Even the Army is distancing itself from the COIN doctrine it has embraced for a decade. Its new strategy refocuses the Army’s warfighting brigades on traditional combat formations.
“Secure and serve the population,” he instructed. “Live among the people.” Work against “inadequate governance, corruption and abuse of power.” With 100,000 U.S. military personnel assigned to Afghanistan to carry out these orders, the cost of the war soared to over $8 billion a month.
Backing up that COIN campaign has been a massive aid effort that so far has poured $19 billion into Afghanistan. Much of it has disappeared, according to the bipartisan Congressional Commission on Wartime Contracting. Or it has simply proven ineffective, the Senate Foreign Relations Committee concluded recently after a two-year study.
What made the Petraeus COIN doctrine so difficult, according to combat commanders on the ground in Afghanistan, was the massive loss of “human capital” as educated Afghans fled the wars of the 1980s and 1990s, leaving the country largely one of illiterate small-plot farmers. Major corruption, which grew out of the opium trade, was further fueled by billions of dollars of U.S. aid.
Education and democratic government were held out as cures for these ills. While millions of children now throng the nation’s schools, declining participation in elections has dimmed hopes for popular representative government.
“Based on the past ten years, population protection and nation building as U.S. military missions have failed,” declared Bing West, a Marine combat veteran and best-selling author, in his latest book, “The Wrong War.” There were too few U.S. and allied troops to actually protect the Afghans in their thousands of small villages, he argued. And most nation building involved U.S.-financed projects bestowed as gifts on Afghans who “became accustomed to receiving something for nothing, and giving nothing in return,” West observed after returning from several extended reporting trips in Afghanistan.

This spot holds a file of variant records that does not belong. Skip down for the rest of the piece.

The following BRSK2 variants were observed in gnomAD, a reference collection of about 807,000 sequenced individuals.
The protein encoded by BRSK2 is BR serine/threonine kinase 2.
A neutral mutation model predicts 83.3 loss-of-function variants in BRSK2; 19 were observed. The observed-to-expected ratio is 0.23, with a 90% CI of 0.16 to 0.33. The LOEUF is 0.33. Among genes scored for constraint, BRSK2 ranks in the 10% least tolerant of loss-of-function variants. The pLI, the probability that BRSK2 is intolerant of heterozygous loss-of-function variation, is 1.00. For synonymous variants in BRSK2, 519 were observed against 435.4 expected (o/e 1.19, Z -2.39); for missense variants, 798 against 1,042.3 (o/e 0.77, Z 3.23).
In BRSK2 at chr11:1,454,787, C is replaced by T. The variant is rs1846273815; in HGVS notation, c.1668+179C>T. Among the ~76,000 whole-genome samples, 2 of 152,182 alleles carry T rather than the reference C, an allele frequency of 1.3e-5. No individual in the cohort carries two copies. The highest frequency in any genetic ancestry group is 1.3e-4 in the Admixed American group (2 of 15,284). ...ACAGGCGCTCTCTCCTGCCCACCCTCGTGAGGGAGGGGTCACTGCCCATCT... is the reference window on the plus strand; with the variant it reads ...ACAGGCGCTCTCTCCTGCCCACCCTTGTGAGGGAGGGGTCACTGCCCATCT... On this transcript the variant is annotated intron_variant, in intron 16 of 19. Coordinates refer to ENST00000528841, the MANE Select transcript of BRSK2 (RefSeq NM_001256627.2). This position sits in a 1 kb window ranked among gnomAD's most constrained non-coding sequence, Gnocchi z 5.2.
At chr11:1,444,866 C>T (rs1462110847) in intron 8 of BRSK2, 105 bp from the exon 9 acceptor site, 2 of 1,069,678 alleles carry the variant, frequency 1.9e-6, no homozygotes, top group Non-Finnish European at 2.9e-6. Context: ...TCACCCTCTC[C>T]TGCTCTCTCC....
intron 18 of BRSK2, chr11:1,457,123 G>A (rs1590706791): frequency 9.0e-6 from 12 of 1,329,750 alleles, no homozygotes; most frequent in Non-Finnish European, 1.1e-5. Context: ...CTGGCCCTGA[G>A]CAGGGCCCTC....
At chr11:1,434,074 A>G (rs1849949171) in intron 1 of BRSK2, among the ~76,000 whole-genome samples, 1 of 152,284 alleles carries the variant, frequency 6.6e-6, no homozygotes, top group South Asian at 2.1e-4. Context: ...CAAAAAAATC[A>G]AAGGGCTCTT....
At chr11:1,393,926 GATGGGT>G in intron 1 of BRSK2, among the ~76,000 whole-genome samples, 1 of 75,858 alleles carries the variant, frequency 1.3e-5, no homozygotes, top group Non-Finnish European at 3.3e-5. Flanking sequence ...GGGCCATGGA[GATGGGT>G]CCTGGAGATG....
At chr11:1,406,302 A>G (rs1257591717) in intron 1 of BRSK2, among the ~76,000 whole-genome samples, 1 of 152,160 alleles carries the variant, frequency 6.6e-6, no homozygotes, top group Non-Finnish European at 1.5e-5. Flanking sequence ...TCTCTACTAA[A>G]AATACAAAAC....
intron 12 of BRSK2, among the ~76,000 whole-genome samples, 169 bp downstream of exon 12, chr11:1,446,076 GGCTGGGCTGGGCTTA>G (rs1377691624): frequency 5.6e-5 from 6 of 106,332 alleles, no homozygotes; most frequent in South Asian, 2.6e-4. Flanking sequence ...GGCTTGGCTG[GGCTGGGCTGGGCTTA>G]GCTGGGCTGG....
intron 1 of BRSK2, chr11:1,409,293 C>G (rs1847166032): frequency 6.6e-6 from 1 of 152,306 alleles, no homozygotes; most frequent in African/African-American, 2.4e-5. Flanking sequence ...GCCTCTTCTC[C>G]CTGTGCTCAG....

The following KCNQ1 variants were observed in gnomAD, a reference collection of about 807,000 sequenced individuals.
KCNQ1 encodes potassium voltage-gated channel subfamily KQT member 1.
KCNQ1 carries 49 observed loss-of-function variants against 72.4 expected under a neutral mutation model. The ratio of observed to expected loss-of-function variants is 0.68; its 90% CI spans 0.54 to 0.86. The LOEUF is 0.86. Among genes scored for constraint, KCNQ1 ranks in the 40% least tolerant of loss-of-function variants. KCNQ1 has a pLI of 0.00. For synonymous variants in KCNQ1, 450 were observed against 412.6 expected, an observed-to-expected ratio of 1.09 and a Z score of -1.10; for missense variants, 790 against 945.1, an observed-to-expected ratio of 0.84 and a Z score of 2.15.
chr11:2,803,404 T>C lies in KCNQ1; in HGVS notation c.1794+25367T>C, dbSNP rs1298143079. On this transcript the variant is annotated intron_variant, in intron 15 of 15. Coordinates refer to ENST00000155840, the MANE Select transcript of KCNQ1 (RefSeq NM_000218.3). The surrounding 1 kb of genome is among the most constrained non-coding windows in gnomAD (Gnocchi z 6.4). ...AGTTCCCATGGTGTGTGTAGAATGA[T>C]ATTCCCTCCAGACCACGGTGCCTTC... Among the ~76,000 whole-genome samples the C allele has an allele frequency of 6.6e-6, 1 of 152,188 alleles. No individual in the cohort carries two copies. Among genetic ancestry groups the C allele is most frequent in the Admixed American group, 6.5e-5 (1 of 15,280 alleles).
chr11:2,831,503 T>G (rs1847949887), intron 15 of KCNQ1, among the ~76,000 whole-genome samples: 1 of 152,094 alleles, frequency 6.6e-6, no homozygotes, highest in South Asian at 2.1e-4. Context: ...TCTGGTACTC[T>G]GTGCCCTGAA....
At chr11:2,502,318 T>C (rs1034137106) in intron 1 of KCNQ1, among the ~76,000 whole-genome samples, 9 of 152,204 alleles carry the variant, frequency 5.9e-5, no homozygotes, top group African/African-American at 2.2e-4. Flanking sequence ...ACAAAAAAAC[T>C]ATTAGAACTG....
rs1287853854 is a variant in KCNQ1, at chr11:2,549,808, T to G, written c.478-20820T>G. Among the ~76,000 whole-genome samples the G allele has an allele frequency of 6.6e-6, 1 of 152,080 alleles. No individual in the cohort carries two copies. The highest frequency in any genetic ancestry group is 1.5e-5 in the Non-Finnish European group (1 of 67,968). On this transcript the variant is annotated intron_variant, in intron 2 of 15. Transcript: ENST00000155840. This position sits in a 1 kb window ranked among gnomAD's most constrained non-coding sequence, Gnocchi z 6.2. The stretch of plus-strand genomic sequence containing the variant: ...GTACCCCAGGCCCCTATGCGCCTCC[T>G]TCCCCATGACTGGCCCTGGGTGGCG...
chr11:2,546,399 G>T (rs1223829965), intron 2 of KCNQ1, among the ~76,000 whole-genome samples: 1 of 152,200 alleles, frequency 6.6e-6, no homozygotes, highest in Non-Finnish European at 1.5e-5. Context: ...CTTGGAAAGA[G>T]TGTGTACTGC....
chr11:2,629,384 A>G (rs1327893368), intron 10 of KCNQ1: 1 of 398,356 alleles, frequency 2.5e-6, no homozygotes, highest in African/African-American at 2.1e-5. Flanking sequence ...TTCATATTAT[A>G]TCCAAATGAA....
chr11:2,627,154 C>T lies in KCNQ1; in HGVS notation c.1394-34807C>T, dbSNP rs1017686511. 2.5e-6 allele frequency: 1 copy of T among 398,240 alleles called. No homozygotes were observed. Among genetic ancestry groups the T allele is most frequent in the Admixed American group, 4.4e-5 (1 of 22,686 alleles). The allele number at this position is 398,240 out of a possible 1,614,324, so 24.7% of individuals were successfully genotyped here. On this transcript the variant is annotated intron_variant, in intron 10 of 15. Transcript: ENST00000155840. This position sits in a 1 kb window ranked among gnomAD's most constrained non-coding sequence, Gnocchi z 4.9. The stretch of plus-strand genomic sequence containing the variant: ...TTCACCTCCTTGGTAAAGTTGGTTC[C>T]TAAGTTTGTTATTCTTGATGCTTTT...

Ironically, the U.S. COIN campaign has an eerie parallel to the strategy pursued by the Soviet Union’s Red Army. The Soviet’s inglorious 10-year defeat in Afghanistan cost some 15,000 lives.
Like the Red Army, U.S. forces under Petraeus are seeking to protect the Afghan population, who mostly live in Afghanistan’s cities and large towns. “This is not where the Taliban primarily operate, and when they do, they are extremely difficult to identify or separate from the population,” write Larry Goodson of the U.S. Army War College and Thomas H. Johnson of the Naval Postgraduate School in Monterey, Calif.
“It is virtually impossible to defeat a rural insurgency in a largely agrarian country by securing the urban areas,” they write in an essay published in Small Wars Journal. “The Soviets eventually learned this; apparently the United States has yet to do so.” In its present form, they add, “current U.S. Afghan strategy holds little promise for success.”’
“American armed nation building at the barrel of a gun simply does not work,” concludes Army Col. Gian P. Gentile, a two-tour combat veteran of Iraq who holds a doctorate degree in history from Stanford University. There are alternatives to counterinsurgency, he told HuffPost in an interview earlier this year. “But they are hard to articulate with Army and senior leaders who’ve been doing this for nine years and are morally committed to it because we’ve shed blood, and they believe they can make it work.”
But hey, it’s been good for all the private contractors in Afghanistan making billions of dollars with little to no oversight.